“Doing a prospective study with objective measuring and analysis and including all possible causes [e.g., accidents, meningitis, inflicted injuries] allows us to be much more statistically certain of results,” he said. “We were pleased at the degree of positive predictive value we found: 93 percent. That should be of considerable use legally and in child protective conferences.”
—Laura B. Kaufman
1 Minns RA et al. Pediatrics. 2012;130(5):e1227-e1234.
Dr. Minns reports no related financial interests.
Eye on Ethnicity
Topiramate & Glaucoma
Taiwanese patients who use topiramate are seven times more likely to develop glaucoma in the month after they begin taking the drug than those who do not take it, a recent study has concluded.1
In a retrospective review of records from the Taiwan national health system, the researchers found that 0.36 percent of new topiramate users (n = 1,956) developed glaucoma during the first month of taking the drug, compared with 0.04 percent of the 15,648 controls. In the subsequent 11 months, there were no statistically significant differences in the incidence of glaucoma diagnoses between the two groups, the researchers at Taipei Medical University Hospital, in Taipei, Taiwan, reported.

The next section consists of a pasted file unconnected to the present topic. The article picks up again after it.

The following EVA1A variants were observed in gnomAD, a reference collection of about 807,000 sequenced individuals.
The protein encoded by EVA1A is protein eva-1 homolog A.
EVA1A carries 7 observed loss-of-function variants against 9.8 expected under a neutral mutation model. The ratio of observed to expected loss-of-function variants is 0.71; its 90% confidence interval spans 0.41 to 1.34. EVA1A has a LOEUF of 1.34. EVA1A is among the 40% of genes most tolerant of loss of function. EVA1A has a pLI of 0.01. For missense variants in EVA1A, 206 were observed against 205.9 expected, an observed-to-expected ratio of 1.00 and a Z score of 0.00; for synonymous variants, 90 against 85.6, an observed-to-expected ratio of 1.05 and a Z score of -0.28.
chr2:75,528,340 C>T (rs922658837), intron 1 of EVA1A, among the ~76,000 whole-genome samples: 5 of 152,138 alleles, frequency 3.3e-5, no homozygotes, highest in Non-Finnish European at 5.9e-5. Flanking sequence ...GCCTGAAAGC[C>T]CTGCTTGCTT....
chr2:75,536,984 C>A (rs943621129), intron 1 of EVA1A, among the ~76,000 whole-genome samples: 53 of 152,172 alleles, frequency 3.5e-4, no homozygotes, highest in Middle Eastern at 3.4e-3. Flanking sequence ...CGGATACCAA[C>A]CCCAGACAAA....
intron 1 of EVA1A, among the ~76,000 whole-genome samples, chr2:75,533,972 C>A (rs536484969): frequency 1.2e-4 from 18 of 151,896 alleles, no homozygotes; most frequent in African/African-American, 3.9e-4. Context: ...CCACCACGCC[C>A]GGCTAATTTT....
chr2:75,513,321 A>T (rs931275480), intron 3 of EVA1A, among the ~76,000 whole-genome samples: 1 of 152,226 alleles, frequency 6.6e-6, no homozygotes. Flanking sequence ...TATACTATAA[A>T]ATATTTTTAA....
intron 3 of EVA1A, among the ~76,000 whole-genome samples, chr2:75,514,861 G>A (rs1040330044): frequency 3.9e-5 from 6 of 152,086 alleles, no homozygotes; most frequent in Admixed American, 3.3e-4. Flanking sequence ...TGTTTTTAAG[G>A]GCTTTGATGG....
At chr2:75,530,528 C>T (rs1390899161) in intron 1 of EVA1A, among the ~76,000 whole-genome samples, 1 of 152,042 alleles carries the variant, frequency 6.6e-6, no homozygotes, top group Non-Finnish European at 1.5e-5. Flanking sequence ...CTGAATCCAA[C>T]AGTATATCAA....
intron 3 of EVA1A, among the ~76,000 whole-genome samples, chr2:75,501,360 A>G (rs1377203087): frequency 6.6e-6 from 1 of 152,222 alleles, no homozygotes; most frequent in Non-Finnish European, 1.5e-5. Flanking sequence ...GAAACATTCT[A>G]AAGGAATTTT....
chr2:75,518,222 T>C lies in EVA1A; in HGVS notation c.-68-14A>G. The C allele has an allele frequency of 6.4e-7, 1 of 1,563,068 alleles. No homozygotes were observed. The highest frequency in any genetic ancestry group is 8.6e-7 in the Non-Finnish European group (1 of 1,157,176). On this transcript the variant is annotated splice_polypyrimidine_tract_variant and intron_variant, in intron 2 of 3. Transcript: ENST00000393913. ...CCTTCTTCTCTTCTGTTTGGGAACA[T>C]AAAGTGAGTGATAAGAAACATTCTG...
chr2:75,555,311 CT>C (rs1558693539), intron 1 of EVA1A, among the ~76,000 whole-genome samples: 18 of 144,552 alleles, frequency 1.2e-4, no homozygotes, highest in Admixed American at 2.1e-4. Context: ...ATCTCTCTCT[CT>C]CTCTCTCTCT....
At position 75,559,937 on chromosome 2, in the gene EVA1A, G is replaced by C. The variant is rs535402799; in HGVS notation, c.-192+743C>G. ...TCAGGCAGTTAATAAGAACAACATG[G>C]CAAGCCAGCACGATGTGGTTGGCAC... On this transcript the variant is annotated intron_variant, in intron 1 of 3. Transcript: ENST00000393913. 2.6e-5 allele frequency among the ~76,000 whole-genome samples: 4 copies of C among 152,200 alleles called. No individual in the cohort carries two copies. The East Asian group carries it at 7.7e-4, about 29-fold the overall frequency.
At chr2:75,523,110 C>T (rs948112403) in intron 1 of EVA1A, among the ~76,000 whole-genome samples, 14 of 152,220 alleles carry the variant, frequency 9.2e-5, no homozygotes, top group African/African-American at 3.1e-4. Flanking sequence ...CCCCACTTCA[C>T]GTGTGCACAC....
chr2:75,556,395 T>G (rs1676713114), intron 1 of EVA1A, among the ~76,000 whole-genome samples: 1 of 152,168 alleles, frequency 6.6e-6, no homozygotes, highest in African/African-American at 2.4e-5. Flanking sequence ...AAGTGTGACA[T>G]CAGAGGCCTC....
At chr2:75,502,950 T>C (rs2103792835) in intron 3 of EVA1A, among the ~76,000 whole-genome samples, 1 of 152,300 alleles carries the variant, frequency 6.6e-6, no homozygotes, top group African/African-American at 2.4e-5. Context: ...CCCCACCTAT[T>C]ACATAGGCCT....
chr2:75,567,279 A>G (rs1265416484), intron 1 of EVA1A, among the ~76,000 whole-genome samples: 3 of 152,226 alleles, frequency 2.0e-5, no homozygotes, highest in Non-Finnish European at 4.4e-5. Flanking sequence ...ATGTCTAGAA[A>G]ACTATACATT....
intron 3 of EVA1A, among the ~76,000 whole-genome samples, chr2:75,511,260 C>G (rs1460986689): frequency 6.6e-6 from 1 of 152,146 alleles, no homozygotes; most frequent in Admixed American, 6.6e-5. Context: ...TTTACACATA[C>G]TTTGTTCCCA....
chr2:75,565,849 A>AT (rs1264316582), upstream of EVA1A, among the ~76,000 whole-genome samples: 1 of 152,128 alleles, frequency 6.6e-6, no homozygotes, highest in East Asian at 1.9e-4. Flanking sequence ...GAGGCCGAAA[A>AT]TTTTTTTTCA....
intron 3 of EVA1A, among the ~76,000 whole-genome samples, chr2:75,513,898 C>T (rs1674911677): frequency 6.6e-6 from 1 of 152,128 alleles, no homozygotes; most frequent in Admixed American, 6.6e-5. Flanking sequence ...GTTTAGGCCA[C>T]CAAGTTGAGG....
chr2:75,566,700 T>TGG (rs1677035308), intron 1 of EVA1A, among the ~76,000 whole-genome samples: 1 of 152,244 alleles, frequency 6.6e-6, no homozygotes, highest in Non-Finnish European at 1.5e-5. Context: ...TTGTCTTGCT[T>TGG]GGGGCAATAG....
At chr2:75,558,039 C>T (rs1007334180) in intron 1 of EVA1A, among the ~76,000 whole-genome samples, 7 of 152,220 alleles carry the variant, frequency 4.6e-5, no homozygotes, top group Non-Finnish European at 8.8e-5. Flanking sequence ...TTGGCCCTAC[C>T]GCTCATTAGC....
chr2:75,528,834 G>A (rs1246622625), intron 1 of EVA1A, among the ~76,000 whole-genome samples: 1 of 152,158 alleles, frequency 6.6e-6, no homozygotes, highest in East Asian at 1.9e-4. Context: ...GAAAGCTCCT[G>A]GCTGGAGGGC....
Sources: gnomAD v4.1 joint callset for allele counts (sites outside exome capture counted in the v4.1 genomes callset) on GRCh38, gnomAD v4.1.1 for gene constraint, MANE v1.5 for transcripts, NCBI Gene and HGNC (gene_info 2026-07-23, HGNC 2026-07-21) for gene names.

“Furthermore, we found the relative risks of developing glaucoma among the topiramate users of Taiwan to be much higher than those obtained from a Canadian population,” they wrote. In that Canadian study,2 in which white subjects predominated, the risk ratio for new users of topi-ramate was 1.54, compared with subjects who did not take the drug. The Taiwanese researchers calculated new users’ adjusted hazard ratio at 7.41. The authors also noted that several Asian ethnic groups, including Chinese, are more prone to having narrow angles than non-Asians.
The association between topiramate and acute secondary, bilateral angle-closure glaucoma has been recognized for more than a decade, said Rick W. Fraunfelder, MD, MBA, professor of ophthalmology at the Casey Eye Institute, at Oregon Health & Science University in Portland, and director of the National Registry of Drug-Induced Ocular Side Effects.
In affected eyes with narrow angles, topiramate causes fluid to accumulate in the choroid, pushing the lens-iris diaphragm forward and shallowing the anterior chamber, Dr. Fraunfelder said. This occludes the angle and causes acute glaucoma. The patient should stop taking the drug immediately upon diagnosis, he added. “This is angle-closure glaucoma, but it’s not the angle closure that we’re accustomed to. It does not involve pupillary block, so a peripheral iridotomy won’t help. Instead, you should do peripheral iridoplasty.”
1 Ho JD et al. Am J Ophthalmol. 2013;155(2):336-341.
2 Etminan M et al. Am J Ophthalmol. 2012;153(5):827-830.
Dr. Fraunfelder reports no related financial interests.